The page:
The Cotswolds need no introduction; the areas is famous for their gentle rolling hills and picture perfect Cotswold stone villages which epitomise the ‘quaint English countryside’. Stretching over 6 different counties, the Cotswolds is the largest Area of Outstanding Natural Beauty in England & Wales, home to c. 140,000 people but visited by 38 million tourists each year!

We are located in the South Cotswolds, inside the AONB, 20 minutes from the ancient Roman market town of Cirencester, and within easy distance of both the historic spa town of Cheltenham and city of Bath. Although less well known than its northern counterpart, the South Cotswolds has plenty to offer, with its bustling market towns, sprawling valleys and industrial heritage, however with far less tourists. With so much to do in the surrounding areas, this guide hopes to give you just a flavour of the options available to you during your stay with us. For a few suggestions of seasonal events and activities throughout the year, have a look at our Cotswold Calendar.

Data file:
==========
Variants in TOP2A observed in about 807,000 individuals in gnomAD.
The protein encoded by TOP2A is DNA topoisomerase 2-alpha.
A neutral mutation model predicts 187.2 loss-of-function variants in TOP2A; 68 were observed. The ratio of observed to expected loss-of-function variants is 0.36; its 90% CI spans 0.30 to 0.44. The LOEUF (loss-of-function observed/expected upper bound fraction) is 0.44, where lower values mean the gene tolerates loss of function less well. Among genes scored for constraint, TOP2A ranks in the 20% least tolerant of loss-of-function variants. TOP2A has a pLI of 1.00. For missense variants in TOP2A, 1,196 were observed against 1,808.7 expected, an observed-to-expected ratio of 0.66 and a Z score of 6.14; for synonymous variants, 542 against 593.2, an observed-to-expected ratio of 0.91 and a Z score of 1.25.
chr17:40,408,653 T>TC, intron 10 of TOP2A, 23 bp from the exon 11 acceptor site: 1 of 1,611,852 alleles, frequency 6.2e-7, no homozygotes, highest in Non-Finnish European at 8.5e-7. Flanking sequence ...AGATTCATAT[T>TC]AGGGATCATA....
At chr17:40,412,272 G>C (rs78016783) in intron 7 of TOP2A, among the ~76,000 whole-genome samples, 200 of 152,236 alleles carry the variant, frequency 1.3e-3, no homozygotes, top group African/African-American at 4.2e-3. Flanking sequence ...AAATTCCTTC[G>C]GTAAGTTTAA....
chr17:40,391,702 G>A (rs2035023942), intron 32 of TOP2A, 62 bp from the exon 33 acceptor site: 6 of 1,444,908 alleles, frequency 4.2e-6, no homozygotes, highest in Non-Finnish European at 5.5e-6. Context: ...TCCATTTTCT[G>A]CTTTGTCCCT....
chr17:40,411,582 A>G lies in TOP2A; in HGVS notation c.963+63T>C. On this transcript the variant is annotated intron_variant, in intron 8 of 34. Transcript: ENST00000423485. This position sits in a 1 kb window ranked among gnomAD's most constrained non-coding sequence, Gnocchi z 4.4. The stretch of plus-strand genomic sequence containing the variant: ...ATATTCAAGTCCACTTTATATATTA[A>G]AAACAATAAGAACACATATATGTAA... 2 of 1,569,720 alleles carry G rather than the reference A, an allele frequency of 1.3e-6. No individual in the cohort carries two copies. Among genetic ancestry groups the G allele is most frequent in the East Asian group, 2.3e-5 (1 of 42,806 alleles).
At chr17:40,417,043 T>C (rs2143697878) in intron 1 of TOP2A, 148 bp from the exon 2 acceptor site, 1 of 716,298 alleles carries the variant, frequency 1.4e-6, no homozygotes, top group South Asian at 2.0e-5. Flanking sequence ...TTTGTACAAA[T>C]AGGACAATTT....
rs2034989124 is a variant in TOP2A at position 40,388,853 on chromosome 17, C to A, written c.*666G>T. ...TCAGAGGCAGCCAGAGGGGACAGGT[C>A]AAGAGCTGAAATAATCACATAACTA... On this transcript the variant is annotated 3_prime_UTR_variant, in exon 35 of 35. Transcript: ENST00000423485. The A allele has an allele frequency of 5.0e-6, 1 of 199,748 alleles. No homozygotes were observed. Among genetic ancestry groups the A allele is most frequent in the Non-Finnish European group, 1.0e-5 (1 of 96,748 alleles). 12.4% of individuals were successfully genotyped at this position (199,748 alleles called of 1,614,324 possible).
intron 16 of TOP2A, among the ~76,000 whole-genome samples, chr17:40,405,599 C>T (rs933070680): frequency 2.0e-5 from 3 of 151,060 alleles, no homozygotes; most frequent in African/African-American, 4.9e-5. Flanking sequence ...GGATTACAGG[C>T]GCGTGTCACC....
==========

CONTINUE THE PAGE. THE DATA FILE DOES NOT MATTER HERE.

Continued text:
Nailsworth (1.5 miles, Free parking)

A mile down the road from our vineyard, Nailsworth is a thriving little market town with a wide variety of restaurants, cafés and shops ranging from boutique clothes to unique home ware stores. Once known for its involvement in the Cotswolds wool trade, it is now a friendly and welcoming town, very popular with walkers, cyclists and visitors to the South Cotswolds, and was named as one of the best places to live in Britain by the Sunday Times in 2014. There is a farmers market on the 4th Saturday of each month and a great selection of restaurants and eateries serving quality local produce. The local football team, Forest Green Rovers play in league 2 of the English Football League and is the smallest settlement ever to host an EFL team. They are also the only vegan football club in the country! 

We are very fortunate to have many lovely restauarants, pubs and cafés within a couple of miles of our vineyard; click here if you would like to see a selection of local pubs and restaurants.

Stroud (3.5 miles)